Neighborhood Planning Assemblies
Neighborhood Planning Assemblies (NPAs) are grassroots, neighborhood organizations that were established in each of Burlington's eight Wards to encourage resident participation in City government. Working as neighborhood advocacy groups, Neighborhood Planning Assemblies help improve communication between the residents of Burlington and City government through regular meetings scheduled in each Ward. Read the original Resolution that created NPAs in Burlington here.
NPAs serve as organized, democratic forums where neighbors can learn about public issues that affect them and advise the City of their concerns and needs. NPAs elect steering committees to help advance the interests of neighbors in shaping the agenda and raising community issues. To find out more about joining your local NPA steering committee, visit the specific page of your NPA below and reach out to current steering committee members. NPAs are committed to participation and leadership that represents the diverse, multigenerational character of our community.
From stop signs to major development projects, the NPAs offer you an innovative way to get involved in neighborhood and City infrastructure issues, and make your opinions heard. If you are a developer whose project meets the threshold for Major Impact Review, you will need to visit the NPA of the Ward in which your development is proposed. Contact CEDO to learn more about getting in touch with the appropriate NPA: 865-7144.
NPAs also elect representatives to a resident board that approves neighborhood development grant applications. This program funds projects that reduce poverty and/or revitalize low and moderate income neighborhoods.
Regular NPA topics include:
· Upcoming ballot questions and candidate forums
· Reports from elected and appointed officials
· Presentations from local non-profits and businesses
· Development projects in the wards
Neighborhood Planning Assemblies generally meet monthly at a regularly scheduled time and place:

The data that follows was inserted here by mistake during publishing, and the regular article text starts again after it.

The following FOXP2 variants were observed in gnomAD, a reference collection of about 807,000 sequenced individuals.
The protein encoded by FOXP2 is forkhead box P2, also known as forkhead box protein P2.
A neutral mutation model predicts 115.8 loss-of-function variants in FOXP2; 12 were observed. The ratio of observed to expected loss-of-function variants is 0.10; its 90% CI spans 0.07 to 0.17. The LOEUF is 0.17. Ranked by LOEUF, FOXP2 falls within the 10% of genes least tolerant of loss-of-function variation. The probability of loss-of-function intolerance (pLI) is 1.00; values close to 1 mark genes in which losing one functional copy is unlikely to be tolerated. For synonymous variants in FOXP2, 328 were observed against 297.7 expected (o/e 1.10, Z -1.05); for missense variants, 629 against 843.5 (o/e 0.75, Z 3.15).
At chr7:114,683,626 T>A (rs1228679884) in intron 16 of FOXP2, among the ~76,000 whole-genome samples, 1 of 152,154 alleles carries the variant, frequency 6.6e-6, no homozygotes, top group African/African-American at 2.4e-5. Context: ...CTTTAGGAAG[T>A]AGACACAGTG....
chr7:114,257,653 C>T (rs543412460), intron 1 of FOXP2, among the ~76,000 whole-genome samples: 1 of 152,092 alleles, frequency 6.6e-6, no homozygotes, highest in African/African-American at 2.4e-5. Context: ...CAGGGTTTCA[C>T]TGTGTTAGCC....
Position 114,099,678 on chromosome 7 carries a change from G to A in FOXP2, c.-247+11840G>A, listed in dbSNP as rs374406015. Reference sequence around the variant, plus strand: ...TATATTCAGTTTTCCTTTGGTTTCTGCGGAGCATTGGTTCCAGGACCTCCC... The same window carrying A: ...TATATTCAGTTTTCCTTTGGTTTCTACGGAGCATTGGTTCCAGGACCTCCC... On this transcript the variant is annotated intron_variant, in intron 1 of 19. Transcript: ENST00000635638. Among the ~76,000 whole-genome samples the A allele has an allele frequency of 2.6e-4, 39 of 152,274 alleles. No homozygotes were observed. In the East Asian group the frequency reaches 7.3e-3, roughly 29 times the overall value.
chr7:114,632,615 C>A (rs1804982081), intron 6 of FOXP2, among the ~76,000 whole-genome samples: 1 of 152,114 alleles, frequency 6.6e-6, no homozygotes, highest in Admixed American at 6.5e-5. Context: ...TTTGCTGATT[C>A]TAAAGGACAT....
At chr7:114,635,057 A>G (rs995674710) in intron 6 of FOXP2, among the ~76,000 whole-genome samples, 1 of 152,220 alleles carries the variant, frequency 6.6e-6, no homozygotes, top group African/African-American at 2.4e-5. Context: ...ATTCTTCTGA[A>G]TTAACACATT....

|Ward||Meeting Day||Meeting Place|
Second Wednesday of the month
No July NPA meeting
McClure Lobby Conference Room,
Second Thursday of the month
No NPA meetings in July and August
|McClure Multigenerational Center
241 North Winooski Avenue
Fourth Wednesday of the month
|Robert E. Miller Community Center
130 Gosse Court
Third Thursday of the month
No NPA meetings in July and August
DPW / Parks & Rec Conference Room
First Thursday of the month
No NPA meetings in July and August
Morgan Room, Aiken Hall
If you’re not sure of your ward, please check the Ward Map.
Two forms which are commonly needed for NPAs: Attendees, Draft MInutes
For more information, contact Phet Keomanyvanh of CEDO at 802-865-7172 or email@example.com
How do they work?
Bylaws: Each Neighborhood Planning Assembly has its own set of bylaws or guidelines. Although most meetings work in the same general way, the bylaws provide rules for the way that decisions are made and recorded.
Membership: Membership is open to all residents of a Ward. To become a member, an interested resident must attend a meeting of the Neighborhood Planning Assembly.
Steering Committees: Each Neighborhood Planning Assembly has a steering committee that is elected by the membership at large. The members of this committee are responsible for scheduling the meetings, setting the agendas, moderating the meetings, and making sure that everyone who wishes to, has an opportunity to speak. Steering Committee members also serve as contacts with City departments and other Neighborhood Planning Assemblies. The Steering Committee is responsible for recording the minutes of each meeting so that they are available for public inspection. Steering Committee members are elected by the Neighborhood Planning Assembly and generally serve for a one-year term.